The †Palaeobatrachidae is an extinct group of frogs. They lived principally from the Eocene through Pliocene in Europe, but some fossils are known from the Cretaceous (see below). Like pipids, they were highly aquatic. Even the tadpoles are well preserved as fossils! Their tadpoles lacked beaks and denticles (Type 1 tadpoles). Palaeobatrachids resemble pipids in many other features, such as elongate finger and toe bones, greatly expanded ilia (hip bones), and elongate, nonpedicellate fanglike teeth. However the vertebrae of these frogs were procoelous (articulating concavity on the anterior end) rather than opisthocoelous (articulating concavity posterior) as in pipids, and some of the vertebrae in the hip region were fused to form a synsacrum. Some taxa are known to have an additional bony element in the fourth finger and fifth toe (Estes and Reig, 1973). Some palaeobatrachids reached a size of 120 mm snout-vent length.
Discussion of Phylogenetic Relationships
Ford and Cannatella (1993) defined †Palaeobatrachidae as commonly used: the node-based name for the most recent common ancestor of †Palaeobatrachus, †Neusibatrachus, †Pliobatrachus, †Albionbatrachus, and †Lithobatrachus, and all of its descendants. Estes and Reig (1973) allied †Palaeobatrachidae to the Pipidae, and Cannatella (1985) and Cannatella and de Sá (1993) explicitly listed synapomorphies supporting this relationship. Estes and Reig (1973) distinguished †Palaeobatrachidae from Pipidae in having procoelous vertebrae (apomorphic), a synsacrum (apomorphic), and the presence of mentomeckelian bones (plesiomorphic). †Palaeobatrachus occidentalis (Estes and Sanchíz, 1982) from the Cretaceous of North America is known only from ilia, so its inclusion in †Palaeobatrachidae is somewhat tentative. Likewise, the Jurassic-Cretaceous fossil †Neusibatrachus (Seiffert, 1972) is procoelous, but lacks a synsacrum and some other features found in the Tertiary fossils.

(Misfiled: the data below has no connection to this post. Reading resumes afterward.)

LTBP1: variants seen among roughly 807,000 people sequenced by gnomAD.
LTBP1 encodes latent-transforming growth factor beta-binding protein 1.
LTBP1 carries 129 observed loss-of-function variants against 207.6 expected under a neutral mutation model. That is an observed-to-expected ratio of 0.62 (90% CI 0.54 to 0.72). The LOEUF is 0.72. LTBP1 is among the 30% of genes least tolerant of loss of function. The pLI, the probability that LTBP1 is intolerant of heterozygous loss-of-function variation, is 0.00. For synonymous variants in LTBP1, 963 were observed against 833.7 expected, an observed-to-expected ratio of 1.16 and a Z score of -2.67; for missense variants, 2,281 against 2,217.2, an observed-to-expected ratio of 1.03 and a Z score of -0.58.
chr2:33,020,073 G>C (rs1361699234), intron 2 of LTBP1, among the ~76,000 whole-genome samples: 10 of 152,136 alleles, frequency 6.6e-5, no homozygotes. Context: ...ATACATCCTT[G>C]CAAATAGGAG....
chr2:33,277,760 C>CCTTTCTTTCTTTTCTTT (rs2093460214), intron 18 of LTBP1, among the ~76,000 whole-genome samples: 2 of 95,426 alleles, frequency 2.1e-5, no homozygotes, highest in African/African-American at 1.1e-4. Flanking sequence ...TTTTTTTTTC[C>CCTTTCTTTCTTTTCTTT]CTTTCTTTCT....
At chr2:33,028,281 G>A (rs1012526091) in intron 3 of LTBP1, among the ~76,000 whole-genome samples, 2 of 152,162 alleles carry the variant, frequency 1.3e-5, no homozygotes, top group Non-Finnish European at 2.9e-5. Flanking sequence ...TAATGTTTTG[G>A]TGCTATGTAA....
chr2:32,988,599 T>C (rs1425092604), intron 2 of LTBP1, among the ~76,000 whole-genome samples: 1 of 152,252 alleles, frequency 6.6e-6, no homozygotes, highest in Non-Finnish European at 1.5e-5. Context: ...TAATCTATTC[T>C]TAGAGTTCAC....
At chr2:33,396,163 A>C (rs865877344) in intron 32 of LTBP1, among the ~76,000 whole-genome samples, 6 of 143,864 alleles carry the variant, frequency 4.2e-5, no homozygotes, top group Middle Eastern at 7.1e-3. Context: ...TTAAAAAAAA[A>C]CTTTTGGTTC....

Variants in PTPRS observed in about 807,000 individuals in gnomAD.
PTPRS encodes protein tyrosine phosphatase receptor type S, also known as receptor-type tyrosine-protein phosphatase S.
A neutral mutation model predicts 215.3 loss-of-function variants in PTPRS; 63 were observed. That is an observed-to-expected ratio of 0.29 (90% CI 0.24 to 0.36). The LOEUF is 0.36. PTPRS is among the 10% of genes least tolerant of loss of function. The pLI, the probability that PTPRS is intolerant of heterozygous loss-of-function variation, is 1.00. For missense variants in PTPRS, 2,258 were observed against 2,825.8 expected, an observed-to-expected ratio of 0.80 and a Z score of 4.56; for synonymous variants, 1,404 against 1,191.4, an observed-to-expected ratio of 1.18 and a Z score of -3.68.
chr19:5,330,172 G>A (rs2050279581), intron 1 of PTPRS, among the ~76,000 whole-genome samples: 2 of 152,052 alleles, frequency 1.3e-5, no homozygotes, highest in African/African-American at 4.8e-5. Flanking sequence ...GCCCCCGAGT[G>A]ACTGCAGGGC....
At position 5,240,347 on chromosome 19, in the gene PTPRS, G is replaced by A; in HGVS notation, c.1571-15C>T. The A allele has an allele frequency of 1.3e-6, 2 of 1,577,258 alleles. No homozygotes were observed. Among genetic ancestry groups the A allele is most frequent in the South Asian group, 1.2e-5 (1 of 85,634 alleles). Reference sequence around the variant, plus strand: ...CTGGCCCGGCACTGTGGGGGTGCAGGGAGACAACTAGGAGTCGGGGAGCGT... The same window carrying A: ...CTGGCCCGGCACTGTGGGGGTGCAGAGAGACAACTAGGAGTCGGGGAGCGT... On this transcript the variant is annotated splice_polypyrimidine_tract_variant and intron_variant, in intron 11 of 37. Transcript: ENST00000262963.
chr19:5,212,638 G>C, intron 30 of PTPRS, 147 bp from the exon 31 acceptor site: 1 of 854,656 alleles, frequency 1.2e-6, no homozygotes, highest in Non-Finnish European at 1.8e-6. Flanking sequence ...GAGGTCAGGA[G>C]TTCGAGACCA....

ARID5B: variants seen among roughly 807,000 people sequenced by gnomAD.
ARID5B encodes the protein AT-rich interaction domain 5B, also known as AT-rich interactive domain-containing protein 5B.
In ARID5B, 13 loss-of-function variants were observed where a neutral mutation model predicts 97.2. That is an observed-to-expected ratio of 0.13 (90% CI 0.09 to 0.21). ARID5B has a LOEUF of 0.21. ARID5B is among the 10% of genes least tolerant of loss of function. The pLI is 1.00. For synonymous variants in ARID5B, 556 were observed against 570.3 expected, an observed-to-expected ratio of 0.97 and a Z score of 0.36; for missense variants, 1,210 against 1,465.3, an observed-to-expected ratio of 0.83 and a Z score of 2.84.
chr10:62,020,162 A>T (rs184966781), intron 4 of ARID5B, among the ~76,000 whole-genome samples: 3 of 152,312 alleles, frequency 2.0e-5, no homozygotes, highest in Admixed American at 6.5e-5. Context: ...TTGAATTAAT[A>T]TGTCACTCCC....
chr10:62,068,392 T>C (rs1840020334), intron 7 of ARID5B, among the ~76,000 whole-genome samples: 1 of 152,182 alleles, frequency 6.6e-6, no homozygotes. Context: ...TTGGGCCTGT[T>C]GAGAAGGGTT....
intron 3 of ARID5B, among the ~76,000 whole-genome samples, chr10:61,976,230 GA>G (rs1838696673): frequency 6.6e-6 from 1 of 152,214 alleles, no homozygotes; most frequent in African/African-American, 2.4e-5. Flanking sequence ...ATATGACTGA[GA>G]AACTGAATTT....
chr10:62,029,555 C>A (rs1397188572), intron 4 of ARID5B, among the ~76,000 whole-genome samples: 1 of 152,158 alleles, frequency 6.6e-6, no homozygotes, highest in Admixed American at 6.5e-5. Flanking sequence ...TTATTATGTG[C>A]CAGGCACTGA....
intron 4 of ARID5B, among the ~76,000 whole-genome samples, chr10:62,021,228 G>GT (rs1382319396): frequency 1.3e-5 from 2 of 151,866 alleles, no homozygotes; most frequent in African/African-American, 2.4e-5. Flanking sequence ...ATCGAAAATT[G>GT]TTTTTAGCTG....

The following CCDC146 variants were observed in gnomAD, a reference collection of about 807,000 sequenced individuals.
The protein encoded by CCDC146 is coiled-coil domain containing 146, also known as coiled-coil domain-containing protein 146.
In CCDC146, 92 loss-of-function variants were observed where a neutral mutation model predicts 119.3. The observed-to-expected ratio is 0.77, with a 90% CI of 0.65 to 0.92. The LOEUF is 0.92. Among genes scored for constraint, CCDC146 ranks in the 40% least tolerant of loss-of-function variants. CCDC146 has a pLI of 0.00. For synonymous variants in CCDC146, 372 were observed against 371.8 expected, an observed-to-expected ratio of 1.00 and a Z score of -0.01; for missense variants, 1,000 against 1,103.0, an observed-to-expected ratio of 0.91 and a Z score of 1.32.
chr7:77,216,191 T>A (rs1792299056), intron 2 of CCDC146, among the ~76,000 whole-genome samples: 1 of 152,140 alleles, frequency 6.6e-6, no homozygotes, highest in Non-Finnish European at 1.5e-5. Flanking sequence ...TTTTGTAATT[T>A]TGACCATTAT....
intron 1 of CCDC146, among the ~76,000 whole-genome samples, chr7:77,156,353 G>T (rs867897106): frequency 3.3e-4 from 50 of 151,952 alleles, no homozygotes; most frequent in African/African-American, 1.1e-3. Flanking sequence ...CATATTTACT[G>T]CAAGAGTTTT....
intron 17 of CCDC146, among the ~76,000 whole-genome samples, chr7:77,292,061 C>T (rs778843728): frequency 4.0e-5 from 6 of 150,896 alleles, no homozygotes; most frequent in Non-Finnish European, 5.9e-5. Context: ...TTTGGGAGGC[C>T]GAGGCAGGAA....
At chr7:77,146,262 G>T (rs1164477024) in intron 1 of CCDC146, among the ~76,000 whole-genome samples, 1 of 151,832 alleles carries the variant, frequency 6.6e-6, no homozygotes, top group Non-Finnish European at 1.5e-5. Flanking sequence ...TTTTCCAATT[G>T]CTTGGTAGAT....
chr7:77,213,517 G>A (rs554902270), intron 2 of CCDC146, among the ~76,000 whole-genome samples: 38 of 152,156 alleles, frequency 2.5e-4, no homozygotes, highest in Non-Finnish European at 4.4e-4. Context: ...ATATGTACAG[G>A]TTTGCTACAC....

Cannatella, D. C. 1985. A phylogeny of primitive frogs (archaeobatrachians). Ph.D. Dissertation, The University of Kansas, Lawrence.
Cannatella, D. C., and R. O. de Sa. 1993. Xenopus laevis as a model organism. Syst. Biol. 42(4):476-507.
Estes, R., and O. A. Reig. 1973. The early fossil record of frogs: a review of the evidence. Pp. 11-63 In J. L. Vial (Ed.), Evolutionary Biology of the Anurans: Contemporary Research on Major Problems. University of Missouri Press, Columbia.
Estes, R., and B. Sanchiz. 1982. New discoglossid and palaeobatrachid frogs from the Late Cretaceous of Wyoming and Montana, and a review of other frogs from the Lance and Hell Creek Formations. J. Vert. Paleo. 2(1):9-20.
Ford, L. S., and D. C. Cannatella. 1993. The major clades of frogs. Herp. Monogr. 7:94-117.
Seiffert, J. 1972. Ein Vorläufer der Froschfamilien Palaeobatrachidae und Ranidae im Grenzbereich Jura-Kreide. Neues Jahrb. Geol. PalÉont. Monatshefte 1972:120-131.
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Cannatella, David. 1995. Palaeobatrachidae. Version 01 January 1995 (under construction). http://tolweb.org/Palaeobatrachidae/16985/1995.01.01 in The Tree of Life Web Project, http://tolweb.org/